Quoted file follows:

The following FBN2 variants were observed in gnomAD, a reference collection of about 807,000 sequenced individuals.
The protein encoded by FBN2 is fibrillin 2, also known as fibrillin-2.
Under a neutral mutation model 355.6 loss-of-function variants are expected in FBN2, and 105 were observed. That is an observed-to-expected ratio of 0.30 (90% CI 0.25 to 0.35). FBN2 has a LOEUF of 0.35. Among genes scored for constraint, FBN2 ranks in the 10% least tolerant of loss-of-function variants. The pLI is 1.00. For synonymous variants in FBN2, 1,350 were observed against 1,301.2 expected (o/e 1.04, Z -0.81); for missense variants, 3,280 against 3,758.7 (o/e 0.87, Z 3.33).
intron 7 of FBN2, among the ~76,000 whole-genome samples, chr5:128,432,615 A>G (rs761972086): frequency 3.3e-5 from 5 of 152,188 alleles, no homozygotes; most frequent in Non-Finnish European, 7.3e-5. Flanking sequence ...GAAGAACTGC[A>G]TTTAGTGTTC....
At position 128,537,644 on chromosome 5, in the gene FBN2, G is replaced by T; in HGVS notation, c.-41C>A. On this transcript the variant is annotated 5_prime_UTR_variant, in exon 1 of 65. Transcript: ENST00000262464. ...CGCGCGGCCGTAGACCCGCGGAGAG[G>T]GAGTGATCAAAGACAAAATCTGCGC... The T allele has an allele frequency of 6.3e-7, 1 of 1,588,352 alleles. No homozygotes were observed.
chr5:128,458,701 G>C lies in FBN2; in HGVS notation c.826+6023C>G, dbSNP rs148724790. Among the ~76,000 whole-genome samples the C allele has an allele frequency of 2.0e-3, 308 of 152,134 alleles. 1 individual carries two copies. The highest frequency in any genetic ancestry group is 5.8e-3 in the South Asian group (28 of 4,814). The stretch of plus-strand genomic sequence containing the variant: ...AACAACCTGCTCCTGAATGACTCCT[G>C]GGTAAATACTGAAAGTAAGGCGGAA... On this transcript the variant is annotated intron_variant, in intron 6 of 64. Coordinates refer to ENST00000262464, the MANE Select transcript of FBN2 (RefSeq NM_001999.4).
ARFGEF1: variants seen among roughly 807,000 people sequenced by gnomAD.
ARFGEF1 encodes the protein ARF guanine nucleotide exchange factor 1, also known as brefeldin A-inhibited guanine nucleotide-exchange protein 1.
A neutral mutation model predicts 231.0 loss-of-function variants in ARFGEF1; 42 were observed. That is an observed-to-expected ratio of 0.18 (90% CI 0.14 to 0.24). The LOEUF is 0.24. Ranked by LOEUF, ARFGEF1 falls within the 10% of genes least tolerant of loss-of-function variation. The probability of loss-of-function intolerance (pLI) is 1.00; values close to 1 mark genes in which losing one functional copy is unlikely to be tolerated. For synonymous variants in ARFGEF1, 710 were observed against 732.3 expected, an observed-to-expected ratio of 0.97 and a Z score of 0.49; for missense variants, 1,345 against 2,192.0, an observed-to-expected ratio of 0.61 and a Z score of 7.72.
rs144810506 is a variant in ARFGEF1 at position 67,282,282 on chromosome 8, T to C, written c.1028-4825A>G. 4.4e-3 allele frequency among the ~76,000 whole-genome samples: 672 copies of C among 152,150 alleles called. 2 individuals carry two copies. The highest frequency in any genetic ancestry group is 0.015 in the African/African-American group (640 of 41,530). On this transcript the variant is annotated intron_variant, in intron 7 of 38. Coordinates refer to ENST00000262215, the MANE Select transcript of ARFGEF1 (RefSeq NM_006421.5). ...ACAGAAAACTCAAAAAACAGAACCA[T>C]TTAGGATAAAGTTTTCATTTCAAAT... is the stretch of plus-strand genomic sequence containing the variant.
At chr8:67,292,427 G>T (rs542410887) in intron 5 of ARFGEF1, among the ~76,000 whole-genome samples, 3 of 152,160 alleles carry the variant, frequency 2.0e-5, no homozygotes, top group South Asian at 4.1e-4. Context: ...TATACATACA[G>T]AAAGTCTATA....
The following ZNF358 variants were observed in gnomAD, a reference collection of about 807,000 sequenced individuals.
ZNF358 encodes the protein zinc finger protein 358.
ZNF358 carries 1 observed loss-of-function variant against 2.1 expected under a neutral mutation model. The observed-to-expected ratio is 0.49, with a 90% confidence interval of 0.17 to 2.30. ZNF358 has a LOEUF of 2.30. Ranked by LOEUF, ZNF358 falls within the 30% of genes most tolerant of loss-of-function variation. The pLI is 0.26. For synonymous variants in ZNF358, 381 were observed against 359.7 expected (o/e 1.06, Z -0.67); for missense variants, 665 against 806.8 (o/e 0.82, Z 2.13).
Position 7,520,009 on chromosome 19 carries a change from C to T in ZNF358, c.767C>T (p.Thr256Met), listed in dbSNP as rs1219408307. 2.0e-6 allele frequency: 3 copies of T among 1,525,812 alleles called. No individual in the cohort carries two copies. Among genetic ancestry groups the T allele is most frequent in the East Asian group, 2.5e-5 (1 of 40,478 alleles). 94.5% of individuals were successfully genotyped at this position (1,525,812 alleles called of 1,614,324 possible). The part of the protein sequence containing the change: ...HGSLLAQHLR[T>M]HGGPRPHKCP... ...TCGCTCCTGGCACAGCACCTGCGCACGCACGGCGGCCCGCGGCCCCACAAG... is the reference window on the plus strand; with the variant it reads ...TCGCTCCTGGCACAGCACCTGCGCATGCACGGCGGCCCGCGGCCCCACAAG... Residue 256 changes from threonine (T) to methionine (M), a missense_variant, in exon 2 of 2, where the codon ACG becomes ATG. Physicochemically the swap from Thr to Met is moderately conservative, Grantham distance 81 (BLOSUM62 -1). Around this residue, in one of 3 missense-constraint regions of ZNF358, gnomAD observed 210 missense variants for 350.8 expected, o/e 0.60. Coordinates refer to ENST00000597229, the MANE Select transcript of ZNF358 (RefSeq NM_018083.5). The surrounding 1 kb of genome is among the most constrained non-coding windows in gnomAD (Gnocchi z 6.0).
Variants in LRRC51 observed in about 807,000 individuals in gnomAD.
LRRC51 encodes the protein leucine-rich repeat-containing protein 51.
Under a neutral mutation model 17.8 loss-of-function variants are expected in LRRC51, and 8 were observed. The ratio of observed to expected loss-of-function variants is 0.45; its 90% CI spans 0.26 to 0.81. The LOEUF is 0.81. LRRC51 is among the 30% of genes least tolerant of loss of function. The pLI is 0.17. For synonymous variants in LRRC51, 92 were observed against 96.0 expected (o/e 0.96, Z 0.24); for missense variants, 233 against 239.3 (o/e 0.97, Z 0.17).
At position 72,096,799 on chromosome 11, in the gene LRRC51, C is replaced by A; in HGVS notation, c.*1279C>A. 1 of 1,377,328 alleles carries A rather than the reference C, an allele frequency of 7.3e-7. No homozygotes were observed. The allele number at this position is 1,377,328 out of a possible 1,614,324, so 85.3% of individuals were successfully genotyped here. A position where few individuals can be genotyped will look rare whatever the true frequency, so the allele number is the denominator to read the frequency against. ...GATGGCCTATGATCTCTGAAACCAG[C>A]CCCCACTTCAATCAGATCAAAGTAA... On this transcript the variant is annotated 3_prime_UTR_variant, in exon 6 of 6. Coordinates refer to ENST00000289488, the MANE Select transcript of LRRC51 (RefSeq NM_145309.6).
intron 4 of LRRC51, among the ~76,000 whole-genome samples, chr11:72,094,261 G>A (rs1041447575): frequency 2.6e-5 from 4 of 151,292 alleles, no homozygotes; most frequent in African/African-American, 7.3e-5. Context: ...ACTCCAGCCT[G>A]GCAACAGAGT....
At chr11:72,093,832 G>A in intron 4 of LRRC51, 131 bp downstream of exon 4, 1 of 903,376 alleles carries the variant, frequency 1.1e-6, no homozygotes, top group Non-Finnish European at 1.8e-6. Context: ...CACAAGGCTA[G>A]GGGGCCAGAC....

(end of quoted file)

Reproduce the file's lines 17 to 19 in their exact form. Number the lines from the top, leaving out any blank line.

LRRC51 encodes the protein leucine-rich repeat-containing protein 51.
Under a neutral mutation model 17.8 loss-of-function variants are expected in LRRC51, and 8 were observed. The ratio of observed to expected loss-of-function variants is 0.45; its 90% CI spans 0.26 to 0.81. The LOEUF is 0.81. LRRC51 is among the 30% of genes least tolerant of loss of function. The pLI is 0.17. For synonymous variants in LRRC51, 92 were observed against 96.0 expected (o/e 0.96, Z 0.24); for missense variants, 233 against 239.3 (o/e 0.97, Z 0.17).
At position 72,096,799 on chromosome 11, in the gene LRRC51, C is replaced by A; in HGVS notation, c.*1279C>A. 1 of 1,377,328 alleles carries A rather than the reference C, an allele frequency of 7.3e-7. No homozygotes were observed. The allele number at this position is 1,377,328 out of a possible 1,614,324, so 85.3% of individuals were successfully genotyped here. A position where few individuals can be genotyped will look rare whatever the true frequency, so the allele number is the denominator to read the frequency against. ...GATGGCCTATGATCTCTGAAACCAG[C>A]CCCCACTTCAATCAGATCAAAGTAA... On this transcript the variant is annotated 3_prime_UTR_variant, in exon 6 of 6. Coordinates refer to ENST00000289488, the MANE Select transcript of LRRC51 (RefSeq NM_145309.6).